Native American Dances & Ancient Ruins in Santa Fe
By Kim D. McHugh
Watching a Corn Dance at the Ohkay Owingeh Pueblo near Santa Fe gives me a better understanding of why New Mexico has “Land of Enchantment” on its license plates. In a gathering of more than 200 tribal members, the Corn Dance is performed as a blessing of the fields and is one of many annual celebrations that occur at New Mexico’s 19 pueblos.
The ritual and the costuming fascinate me. Curious, I ask a nearby tribal representative and learn that the “dance” is really more of a religiously oriented ceremony or prayer for rain and a bountiful crop.
Energized by rhythmic drumming and chants provided by a scrum of more than a dozen men, two columns of colorfully adorned tribal members enter a large plaza. As the drumming and chanting continue the dancers, who are comprised of men, women and children, turn to face each other then for the next two hours perform their intriguing steps.
I notice three clowns moving among the group. Easily identifiable by their sparse loincloth, as well as torsos, arms and legs painted in alternating gray and white stripes, it is their role to poke fun through pantomime. Their satirical behavior targets tribal members who are not taking the ceremony seriously—usually the younger children—or occasionally white onlookers who may be behaving with disrespect.
With its simple pageantry and hypnotizing rhythm the dance is quite enchanting. Harvest Dances, Basket Dances, Cloud Dances and Eagle Dances are among those open to the public.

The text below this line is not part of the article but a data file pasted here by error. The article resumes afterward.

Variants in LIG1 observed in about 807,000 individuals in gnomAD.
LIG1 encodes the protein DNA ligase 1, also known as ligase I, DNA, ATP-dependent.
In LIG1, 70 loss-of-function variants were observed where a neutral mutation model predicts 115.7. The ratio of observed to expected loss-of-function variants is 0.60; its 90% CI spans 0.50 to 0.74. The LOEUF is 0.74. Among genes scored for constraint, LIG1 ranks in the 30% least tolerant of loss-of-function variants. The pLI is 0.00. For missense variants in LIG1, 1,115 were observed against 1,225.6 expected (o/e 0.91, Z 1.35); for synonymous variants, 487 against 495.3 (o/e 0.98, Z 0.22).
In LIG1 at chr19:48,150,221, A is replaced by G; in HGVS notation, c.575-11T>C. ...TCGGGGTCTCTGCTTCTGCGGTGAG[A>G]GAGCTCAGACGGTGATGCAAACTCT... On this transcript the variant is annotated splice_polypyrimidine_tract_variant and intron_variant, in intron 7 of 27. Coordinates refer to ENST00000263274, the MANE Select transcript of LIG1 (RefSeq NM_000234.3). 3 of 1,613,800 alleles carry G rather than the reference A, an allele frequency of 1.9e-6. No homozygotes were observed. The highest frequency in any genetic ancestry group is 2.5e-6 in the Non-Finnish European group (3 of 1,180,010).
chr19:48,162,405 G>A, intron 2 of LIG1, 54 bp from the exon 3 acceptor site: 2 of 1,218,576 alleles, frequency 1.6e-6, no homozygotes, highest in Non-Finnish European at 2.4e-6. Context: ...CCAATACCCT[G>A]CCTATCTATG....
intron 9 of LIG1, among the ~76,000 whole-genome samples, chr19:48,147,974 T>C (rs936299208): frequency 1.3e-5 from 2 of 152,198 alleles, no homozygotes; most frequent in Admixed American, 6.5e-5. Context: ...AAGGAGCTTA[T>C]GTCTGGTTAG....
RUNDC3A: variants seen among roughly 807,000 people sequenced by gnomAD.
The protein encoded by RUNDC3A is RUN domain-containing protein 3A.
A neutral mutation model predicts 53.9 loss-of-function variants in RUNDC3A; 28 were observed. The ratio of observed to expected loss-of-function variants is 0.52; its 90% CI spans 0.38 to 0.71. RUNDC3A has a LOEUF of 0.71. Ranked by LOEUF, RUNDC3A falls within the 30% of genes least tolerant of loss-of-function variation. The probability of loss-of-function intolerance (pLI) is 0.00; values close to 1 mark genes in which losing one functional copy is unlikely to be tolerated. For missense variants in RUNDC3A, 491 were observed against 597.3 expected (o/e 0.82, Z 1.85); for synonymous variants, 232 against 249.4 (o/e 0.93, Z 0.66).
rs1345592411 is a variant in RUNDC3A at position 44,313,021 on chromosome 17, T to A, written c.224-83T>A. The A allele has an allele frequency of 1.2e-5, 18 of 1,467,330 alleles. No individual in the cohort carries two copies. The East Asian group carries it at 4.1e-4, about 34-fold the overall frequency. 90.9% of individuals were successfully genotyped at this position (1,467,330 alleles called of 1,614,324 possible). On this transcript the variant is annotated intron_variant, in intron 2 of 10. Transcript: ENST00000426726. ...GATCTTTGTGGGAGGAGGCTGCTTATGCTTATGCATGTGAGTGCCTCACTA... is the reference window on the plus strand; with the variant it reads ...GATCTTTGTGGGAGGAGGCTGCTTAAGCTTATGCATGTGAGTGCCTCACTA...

Two days after playing a round of golf at Black Mesa, my wife and I toured the Puye Cliff Dwellings. Translated from Tewa, the local tribal language, “Puye” (pronounced POO-yay) means “pueblo where rabbits assemble”. On the tour, Porter Swentzel, an extremely knowledgeable Native American guide from the Santa Clara Pueblo, explained that the abandoned cliff dwellings dated to the 12th century.
Speaking occasionally in Tewa, our guide said this was home to an estimated 1,500 villagers who occupied two living areas: the mesa and the cliffs just below. As we walked the upper site, Swentzel pointed out an intact kiva, a circular, below ground room traditionally used for religious purposes.
After browsing the plateau we headed down to the cliff dwellings. Swentzel shared that the volcanic rock face once had more than 700 rooms on two levels. Sadly, erosion and vandalism combined to reduce that number to just a handful. Thankfully, a few petroglyphs have survived so we were able to see how various clans indicated their dwellings via animals, the circle of life or deities.
Declared a National Historic Landmark in 1966, the Puye Cliff Dwellings joins Bandelier National Monument as one of two regional examples of ancient Indian life. By the way, though the Weather Channel’s five-day forecast called for clear skies in Santa Fe, the next afternoon we witnessed a drenching thunderstorm.
Apparently the Corn Dance worked.
Details: To learn more about events at the 19 Native American regional Pueblos, log on to www.indianpueblo.org.
Puye Cliffs: Three tours are available: the Puye Adventure Tour (plan on 2 hours) costs $35 per adult and includes the mesa top, the cliffs and the Harvey House. The Cliff Side Tour or Mesa Tops Tour each run $20 per adult; the Harvey House Tour costs $7. (Plan on 1 hour). Seniors (55+) save $2 off tours. www.puyecliffs.com